Borden Park Natural Swimming Pool
The Borden Natural Swimming pool is the first chemical free public outdoor pool to be built in Canada. The project replaced an existing pool with a seasonal pavilion and landscaped pool precinct for 400 swimmers.
Pat Hanson, partner at gh3*, told PREMIER CONSTRUCTION: “The City of Edmonton conducted a series of community consultations with the surrounding residential areas, and a natural pool was a request that came out of those consultations. To meet the requirements of two cubic metres of water per person, we were tasked to create an 800m2 adult pool to accommodate 400 swimmers.”
gh3* were challenged to create a large-scale pool with high-quality water control (a criterion essential for any public bathing facility), while also achieving an environmentally healthy and natural filtration process. They began by establishing a pool technology that cleanses the water through stone, gravel and botanic filtering processes, and this inspired them to create a materials-orientated concept for the change room facility that achieves a technically rigorous and aesthetically integrated design.
Canada’s guidelines for public pools are some of the strictest in the world, so to realise the project the architects needed to take a creative approach, classifying the project as “recreational waters” with the building permit as a “constructed beach with variances” – and the variances were the pools. The pool involves a balanced ecosystem where plant materials, microorganisms and nutrients come together within a gravel and sand filtering process to create “living water.” There is no soil involved in this process. Filtration is achieved in two ways; by means of a biological-mechanical system to the constructed wasteland and gravel filter, and in situ, with Zooplankton. This is an unsterilized, chemical and disinfectant free filtering system in which isolating membranes contain water as it circulates and is cleansed by means of natural processes. The processes take place at the north end of the pool precinct. On deck, water passes through a sand and stone submersive pond and a planted hydro botanic pond. Adjacent to these ponds, a granular filter PO4 adsorption unit is enclosed by the gabion walls continuous with the building.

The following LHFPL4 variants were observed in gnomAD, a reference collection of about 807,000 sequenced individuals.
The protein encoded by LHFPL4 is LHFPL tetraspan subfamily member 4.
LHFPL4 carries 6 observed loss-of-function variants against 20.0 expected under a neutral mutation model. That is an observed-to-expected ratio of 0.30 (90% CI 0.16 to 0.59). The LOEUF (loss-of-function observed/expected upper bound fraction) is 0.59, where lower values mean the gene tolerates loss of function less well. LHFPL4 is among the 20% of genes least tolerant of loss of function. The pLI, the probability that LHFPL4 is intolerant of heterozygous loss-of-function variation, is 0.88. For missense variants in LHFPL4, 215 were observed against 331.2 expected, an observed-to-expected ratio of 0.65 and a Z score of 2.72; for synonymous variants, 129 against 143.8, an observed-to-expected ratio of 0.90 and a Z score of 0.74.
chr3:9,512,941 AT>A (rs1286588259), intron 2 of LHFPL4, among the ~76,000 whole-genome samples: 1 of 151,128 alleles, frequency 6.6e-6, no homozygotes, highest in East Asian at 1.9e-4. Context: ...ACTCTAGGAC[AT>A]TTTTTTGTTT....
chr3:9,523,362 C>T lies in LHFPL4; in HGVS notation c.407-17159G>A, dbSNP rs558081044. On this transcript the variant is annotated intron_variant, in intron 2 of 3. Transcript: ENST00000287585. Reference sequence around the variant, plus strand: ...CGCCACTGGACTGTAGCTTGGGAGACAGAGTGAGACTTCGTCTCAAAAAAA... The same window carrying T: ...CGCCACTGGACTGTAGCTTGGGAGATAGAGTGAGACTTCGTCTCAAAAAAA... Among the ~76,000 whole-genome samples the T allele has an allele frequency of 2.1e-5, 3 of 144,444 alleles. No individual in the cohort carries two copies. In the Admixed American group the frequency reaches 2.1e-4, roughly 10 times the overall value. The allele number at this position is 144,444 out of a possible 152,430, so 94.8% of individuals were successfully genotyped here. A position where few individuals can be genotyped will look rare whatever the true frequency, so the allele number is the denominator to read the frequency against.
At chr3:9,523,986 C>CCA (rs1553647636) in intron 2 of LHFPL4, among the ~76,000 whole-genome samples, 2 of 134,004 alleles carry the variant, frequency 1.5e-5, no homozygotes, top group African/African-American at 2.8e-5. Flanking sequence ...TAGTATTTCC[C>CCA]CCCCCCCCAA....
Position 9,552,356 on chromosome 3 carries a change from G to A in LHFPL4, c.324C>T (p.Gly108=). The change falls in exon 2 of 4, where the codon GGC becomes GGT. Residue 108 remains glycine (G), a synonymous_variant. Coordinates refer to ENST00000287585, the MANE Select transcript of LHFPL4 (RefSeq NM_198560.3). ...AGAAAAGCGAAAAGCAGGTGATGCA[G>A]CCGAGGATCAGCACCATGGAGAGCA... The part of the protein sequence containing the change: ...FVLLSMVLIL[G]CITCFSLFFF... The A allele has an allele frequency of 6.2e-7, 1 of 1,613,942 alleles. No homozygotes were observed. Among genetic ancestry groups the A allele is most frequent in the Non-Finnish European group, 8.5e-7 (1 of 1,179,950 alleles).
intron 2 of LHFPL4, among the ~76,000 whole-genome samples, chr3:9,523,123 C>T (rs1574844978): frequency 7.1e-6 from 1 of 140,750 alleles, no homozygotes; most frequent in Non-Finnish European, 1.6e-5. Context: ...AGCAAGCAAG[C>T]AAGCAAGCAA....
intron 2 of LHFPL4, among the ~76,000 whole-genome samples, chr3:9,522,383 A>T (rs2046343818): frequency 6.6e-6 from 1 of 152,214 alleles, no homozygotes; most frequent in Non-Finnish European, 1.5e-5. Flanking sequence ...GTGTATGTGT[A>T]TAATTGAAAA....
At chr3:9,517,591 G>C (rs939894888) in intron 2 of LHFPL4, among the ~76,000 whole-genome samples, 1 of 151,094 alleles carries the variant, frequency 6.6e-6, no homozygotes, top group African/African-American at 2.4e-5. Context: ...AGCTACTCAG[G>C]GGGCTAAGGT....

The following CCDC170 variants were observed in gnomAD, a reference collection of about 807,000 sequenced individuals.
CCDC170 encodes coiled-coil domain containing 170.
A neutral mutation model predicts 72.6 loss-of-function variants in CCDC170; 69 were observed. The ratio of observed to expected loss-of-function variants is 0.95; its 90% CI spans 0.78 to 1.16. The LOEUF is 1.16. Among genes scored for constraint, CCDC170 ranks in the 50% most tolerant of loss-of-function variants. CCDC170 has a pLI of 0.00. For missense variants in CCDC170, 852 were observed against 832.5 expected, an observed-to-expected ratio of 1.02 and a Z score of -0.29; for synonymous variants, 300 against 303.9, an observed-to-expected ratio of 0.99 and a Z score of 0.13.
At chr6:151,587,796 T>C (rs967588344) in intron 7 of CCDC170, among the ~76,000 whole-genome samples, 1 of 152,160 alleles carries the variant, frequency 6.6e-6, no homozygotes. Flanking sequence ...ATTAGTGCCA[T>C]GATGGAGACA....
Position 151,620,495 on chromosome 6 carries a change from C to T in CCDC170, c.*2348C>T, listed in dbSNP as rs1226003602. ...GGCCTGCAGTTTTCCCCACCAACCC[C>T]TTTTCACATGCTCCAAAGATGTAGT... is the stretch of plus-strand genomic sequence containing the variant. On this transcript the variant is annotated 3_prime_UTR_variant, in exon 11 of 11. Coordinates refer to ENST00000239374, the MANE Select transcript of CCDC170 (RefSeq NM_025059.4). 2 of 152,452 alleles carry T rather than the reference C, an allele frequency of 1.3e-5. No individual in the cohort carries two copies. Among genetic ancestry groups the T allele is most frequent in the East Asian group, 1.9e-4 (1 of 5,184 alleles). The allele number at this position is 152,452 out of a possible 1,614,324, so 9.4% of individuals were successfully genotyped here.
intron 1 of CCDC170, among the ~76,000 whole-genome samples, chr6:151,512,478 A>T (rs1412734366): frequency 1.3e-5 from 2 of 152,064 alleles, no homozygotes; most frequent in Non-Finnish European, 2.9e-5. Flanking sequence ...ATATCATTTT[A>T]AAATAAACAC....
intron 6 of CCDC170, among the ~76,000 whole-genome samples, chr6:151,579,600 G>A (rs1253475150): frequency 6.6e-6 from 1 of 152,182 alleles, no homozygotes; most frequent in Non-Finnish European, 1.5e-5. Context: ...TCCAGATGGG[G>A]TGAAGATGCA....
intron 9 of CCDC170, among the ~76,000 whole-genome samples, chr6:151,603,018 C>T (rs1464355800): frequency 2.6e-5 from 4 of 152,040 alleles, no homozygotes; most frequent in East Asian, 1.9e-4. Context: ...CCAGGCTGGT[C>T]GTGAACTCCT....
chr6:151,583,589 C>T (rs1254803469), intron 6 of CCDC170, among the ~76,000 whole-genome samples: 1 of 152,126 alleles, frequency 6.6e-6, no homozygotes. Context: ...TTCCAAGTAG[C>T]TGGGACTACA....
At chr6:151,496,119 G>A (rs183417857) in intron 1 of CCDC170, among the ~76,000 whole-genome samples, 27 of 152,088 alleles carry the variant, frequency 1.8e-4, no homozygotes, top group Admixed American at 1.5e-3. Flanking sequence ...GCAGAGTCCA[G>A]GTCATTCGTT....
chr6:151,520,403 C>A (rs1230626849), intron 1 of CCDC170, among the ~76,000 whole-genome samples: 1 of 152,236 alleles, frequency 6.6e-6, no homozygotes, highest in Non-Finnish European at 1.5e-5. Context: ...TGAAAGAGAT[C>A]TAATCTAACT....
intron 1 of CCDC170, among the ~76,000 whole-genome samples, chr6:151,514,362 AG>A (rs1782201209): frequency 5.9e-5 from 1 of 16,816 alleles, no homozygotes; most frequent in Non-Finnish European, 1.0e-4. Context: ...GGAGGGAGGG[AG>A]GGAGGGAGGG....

The building houses universal changing rooms, showers, washrooms, staff areas and the water filtration mechanisms. The swimming program also includes a children’s pool. A deep pool, on-deck outdoor showers, a sandy beach, picnic areas and spaces are also included for other pool related recreational activities.
Pat said: “The use of the natural materials was our interpretation of what a natural pool could be. A natural pool is filtered through granular or water, so we took that as inspiration and developed a synergy between the water cleansing elements and the constructive material qualities of the building.”
The project’s materiality creates a fundamental conceptual connection between the technical demands of the pool and the design of the built enclosure and landscape elements. The dark limestone and steel of the gabion wall construction defines the enclosure’s vertical dimensions as filter-like or breathable, as granular and porous. The pool precinct is defined by a planar landscape where flush to surface detailing creates seamless interfaces among the sandy beach, the concrete pool perimeter and the wood decking. The gabion walls of the low rectilinear building terminate with a lid-like flat roof that frames the tree-canopy of the Park beyond and enhances the sensation of open-sky spaciousness within the pool precinct. The elemental form and reductive materials ease the use experience and enriches the narrative of bathing in the landscape. The juxtaposition of the
constructed elements invokes comparisons with the geology of the North Saskatchewan River and the flat topography of the prairie lands edge.
The building takes a cue from the two adjacent mid-century modernist style pool buildings. Built in the 1950s these extant buildings define the southwest edge of the pool precinct and connects the new with a century old cultural heritage of architecturally distinctive, civic outdoor bathing pavilions.
The Borden National Swimming Pool is indicative of the City of Edmonton’s exemplary leadership and recognition of the civic importance of architectural excellence in the building of public infrastructure. Borden Park has evolved over the last century as a place of shared outdoor recreational activities, as a destination for family gatherings and for outdoor bathing since 1942, as well as playing host to a zoo and at times fairground and events. Borden Park holds immense civic value and social significance for the surrounding communities and for North/East Edmonton. The project contributes a signature landmark element within the on-going transformation of the historic landscape of the Park.
Pat concluded: “For us, we are both architects and landscape architects, so the project was always interesting because it was an opportunity to integrate architecture and landscape architecture into one project. It was a great opportunity to develop a project that used the lens of landscape and architecture to develop an idea of a place.”